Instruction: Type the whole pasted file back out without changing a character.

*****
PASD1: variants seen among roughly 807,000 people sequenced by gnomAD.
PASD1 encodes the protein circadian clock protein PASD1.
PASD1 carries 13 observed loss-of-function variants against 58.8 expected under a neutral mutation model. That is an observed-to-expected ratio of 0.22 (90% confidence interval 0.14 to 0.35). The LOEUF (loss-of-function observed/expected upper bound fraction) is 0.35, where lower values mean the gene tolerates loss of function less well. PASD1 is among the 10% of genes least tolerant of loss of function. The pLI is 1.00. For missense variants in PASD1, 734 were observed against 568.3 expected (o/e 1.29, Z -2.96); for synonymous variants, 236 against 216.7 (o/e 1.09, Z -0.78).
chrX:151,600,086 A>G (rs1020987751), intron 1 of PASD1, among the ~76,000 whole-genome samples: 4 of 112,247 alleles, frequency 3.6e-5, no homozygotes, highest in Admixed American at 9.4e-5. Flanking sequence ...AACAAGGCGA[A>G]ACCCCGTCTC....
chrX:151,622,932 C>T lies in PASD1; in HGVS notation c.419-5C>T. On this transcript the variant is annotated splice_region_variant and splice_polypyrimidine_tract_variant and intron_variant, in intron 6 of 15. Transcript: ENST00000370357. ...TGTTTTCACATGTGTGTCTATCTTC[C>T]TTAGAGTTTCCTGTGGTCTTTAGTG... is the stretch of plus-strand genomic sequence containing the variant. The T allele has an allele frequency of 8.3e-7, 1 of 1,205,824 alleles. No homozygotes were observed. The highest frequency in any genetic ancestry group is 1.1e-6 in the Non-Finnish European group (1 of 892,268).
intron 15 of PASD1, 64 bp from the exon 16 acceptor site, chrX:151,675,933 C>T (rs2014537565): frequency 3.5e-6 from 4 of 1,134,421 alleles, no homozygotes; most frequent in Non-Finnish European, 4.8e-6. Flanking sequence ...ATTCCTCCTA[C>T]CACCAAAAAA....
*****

PASD1: variants seen among roughly 807,000 people sequenced by gnomAD.
PASD1 encodes the protein circadian clock protein PASD1.
PASD1 carries 13 observed loss-of-function variants against 58.8 expected under a neutral mutation model. That is an observed-to-expected ratio of 0.22 (90% confidence interval 0.14 to 0.35). The LOEUF (loss-of-function observed/expected upper bound fraction) is 0.35, where lower values mean the gene tolerates loss of function less well. PASD1 is among the 10% of genes least tolerant of loss of function. The pLI is 1.00. For missense variants in PASD1, 734 were observed against 568.3 expected (o/e 1.29, Z -2.96); for synonymous variants, 236 against 216.7 (o/e 1.09, Z -0.78).
chrX:151,600,086 A>G (rs1020987751), intron 1 of PASD1, among the ~76,000 whole-genome samples: 4 of 112,247 alleles, frequency 3.6e-5, no homozygotes, highest in Admixed American at 9.4e-5. Flanking sequence ...AACAAGGCGA[A>G]ACCCCGTCTC....
chrX:151,622,932 C>T lies in PASD1; in HGVS notation c.419-5C>T. On this transcript the variant is annotated splice_region_variant and splice_polypyrimidine_tract_variant and intron_variant, in intron 6 of 15. Transcript: ENST00000370357. ...TGTTTTCACATGTGTGTCTATCTTC[C>T]TTAGAGTTTCCTGTGGTCTTTAGTG... is the stretch of plus-strand genomic sequence containing the variant. The T allele has an allele frequency of 8.3e-7, 1 of 1,205,824 alleles. No homozygotes were observed. The highest frequency in any genetic ancestry group is 1.1e-6 in the Non-Finnish European group (1 of 892,268).
intron 15 of PASD1, 64 bp from the exon 16 acceptor site, chrX:151,675,933 C>T (rs2014537565): frequency 3.5e-6 from 4 of 1,134,421 alleles, no homozygotes; most frequent in Non-Finnish European, 4.8e-6. Flanking sequence ...ATTCCTCCTA[C>T]CACCAAAAAA....